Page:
Obama concedes mistakes on oil spill response 

President Obama conceded mistakes but largely defended his administration's response to the BP oil disaster, saying "I take responsibility."

With the crisis in the Gulf of Mexico entering its 38th day, the president called a press conference to respond to a growing clamor from critics who accuse the federal government of bungling oversight of the crisis.

"This notion that somehow the federal government is sitting on the sidelines and for the three or four or five weeks we've just been letting BP make a whole bunch of decisions is simply not true," Obama said.

But the president conceded that the government's efforts "fell short" in, among other things, accepting claims from BP about how much oil was flowing into the ocean.

The energy giant initially claimed 5,000 barrels a day were being released; a government research team subsequently estimated the number is closer to 25,000 barrels a day.

Obama, who earlier this year called for a limited expansion of offshore drilling, announced he will extend a moratorium on deepwater drilling and suspend and cancel other offshore drilling projects, including in Alaska.

At the same time, the president said he still believes domestic oil production must be part of a larger national energy policy. At issue, he said, was failed government oversight of the industry and lax industry safety standards.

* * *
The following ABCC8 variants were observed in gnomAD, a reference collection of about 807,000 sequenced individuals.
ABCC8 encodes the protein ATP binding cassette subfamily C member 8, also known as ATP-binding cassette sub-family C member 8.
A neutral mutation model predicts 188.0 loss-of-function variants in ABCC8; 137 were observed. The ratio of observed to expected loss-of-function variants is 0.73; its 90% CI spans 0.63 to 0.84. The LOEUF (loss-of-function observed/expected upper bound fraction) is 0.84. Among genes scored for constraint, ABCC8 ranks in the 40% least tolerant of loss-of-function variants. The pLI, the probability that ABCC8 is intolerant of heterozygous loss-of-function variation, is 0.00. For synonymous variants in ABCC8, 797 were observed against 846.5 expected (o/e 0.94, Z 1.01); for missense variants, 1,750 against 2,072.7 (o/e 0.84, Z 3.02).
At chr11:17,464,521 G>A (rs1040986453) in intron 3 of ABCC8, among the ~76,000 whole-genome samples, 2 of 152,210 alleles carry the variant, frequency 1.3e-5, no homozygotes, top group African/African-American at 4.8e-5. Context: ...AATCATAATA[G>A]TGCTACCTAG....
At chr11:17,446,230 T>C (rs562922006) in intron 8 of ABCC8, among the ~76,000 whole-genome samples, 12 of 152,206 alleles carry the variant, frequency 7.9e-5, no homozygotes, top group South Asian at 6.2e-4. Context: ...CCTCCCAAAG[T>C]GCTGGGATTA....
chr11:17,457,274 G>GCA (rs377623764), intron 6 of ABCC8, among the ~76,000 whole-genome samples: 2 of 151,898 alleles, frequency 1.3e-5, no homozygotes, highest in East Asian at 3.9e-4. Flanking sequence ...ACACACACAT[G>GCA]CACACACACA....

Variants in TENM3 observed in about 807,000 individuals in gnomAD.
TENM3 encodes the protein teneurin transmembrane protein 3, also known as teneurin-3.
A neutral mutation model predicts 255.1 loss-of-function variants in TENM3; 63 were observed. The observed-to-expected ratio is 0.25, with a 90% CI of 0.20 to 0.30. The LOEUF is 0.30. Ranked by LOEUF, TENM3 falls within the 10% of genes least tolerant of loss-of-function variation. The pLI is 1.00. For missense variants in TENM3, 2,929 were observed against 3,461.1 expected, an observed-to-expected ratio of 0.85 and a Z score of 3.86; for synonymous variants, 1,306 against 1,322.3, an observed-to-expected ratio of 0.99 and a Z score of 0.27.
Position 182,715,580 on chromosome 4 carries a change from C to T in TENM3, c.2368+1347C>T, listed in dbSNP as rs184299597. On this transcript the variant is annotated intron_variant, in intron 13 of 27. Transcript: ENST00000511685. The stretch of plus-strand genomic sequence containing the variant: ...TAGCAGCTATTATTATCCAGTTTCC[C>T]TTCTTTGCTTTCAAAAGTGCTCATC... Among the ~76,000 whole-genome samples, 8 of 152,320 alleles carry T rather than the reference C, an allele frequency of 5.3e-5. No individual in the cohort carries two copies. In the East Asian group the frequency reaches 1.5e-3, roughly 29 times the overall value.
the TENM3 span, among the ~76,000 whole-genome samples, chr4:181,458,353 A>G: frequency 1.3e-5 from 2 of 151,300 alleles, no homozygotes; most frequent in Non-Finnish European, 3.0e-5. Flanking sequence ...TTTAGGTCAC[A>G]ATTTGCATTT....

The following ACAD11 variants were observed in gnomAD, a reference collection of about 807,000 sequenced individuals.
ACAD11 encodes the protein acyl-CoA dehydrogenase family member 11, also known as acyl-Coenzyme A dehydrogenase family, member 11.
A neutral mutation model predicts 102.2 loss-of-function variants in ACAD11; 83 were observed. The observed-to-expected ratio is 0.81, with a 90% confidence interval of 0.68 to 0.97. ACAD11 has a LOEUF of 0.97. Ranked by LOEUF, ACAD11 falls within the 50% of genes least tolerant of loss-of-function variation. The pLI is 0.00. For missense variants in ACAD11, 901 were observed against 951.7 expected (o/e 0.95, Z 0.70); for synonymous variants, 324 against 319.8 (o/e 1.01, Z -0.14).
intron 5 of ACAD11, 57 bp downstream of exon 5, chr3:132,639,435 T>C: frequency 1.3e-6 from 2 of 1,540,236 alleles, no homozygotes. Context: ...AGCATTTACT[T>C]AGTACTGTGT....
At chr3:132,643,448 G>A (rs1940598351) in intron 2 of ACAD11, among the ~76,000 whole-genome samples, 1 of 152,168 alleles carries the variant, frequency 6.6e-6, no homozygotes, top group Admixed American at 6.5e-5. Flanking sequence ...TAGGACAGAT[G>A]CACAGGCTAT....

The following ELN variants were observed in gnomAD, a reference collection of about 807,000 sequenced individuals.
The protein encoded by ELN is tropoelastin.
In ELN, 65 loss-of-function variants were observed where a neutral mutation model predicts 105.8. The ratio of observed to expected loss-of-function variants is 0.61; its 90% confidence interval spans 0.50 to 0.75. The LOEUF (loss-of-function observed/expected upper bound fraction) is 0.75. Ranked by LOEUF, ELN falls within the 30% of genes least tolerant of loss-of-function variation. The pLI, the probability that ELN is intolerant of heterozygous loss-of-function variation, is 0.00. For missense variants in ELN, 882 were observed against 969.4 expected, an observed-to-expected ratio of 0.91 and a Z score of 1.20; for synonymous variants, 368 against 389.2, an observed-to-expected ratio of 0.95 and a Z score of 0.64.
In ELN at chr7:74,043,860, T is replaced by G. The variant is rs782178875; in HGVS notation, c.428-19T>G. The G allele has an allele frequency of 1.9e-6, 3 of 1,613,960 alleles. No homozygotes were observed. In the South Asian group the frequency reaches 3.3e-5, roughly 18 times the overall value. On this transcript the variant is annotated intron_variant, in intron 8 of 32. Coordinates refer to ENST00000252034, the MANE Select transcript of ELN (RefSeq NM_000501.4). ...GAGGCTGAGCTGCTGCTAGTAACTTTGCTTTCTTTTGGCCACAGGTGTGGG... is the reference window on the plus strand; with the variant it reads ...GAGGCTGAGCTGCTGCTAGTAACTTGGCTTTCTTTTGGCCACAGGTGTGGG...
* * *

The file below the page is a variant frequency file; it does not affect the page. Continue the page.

"Where I was wrong was in my belief that the oil companies had their act together when it came to worst-case scenarios," Obama said.

Expressing empathy with those frustrated over the spill and the government's response, Obama personalized his own reaction to it, saying his daughter Malia asked during his morning shave whether he'd capped the spill, and hearkening back to his own youth on Hawaii, "where the ocean is sacred."

The president said he is fully engaged in the disaster response and thinks of it constantly -- and he demonstrated in some detail his facility with the oil spill vocabulary: Booms, blowout preventers, relief wells and top kill.

But he was largely unfamiliar with the abrupt resignation of Elizabeth Birnbaum, director of the embattled Minerals Management Service. The agency oversees drilling operations and has been the central government scapegoat for safety and other shortfalls in the BP spill.

While Obama said Birnbaum resigned, conflicting reports attributed to administration officials said Birnbaum was fired.

The president has previously alluded to limited oversight of Minerals Management during the administration of former President George W. Bush, and did not back off that claim Thursday, saying similar levels of corruption were not apparent on his administration's
watch.

At the same time, Obama conceded there was not "sufficient urgency" when he came into office in rapidly weeding out the practices that he said contributed to the disaster by allowing oil companies to regulate themselves.

He dismissed a question about claims from Republicans that the oil spill is his administration's Hurricane Katrina -- political shorthand for a disaster eliciting a slow and ineffective government response.

"I'll leave to you guys to make those comparisons," Obama told the press. "I'm confident that people are going to look back and say this administration was on top of what was an unprecedented crisis."

jmason@washingtonexaminer.com

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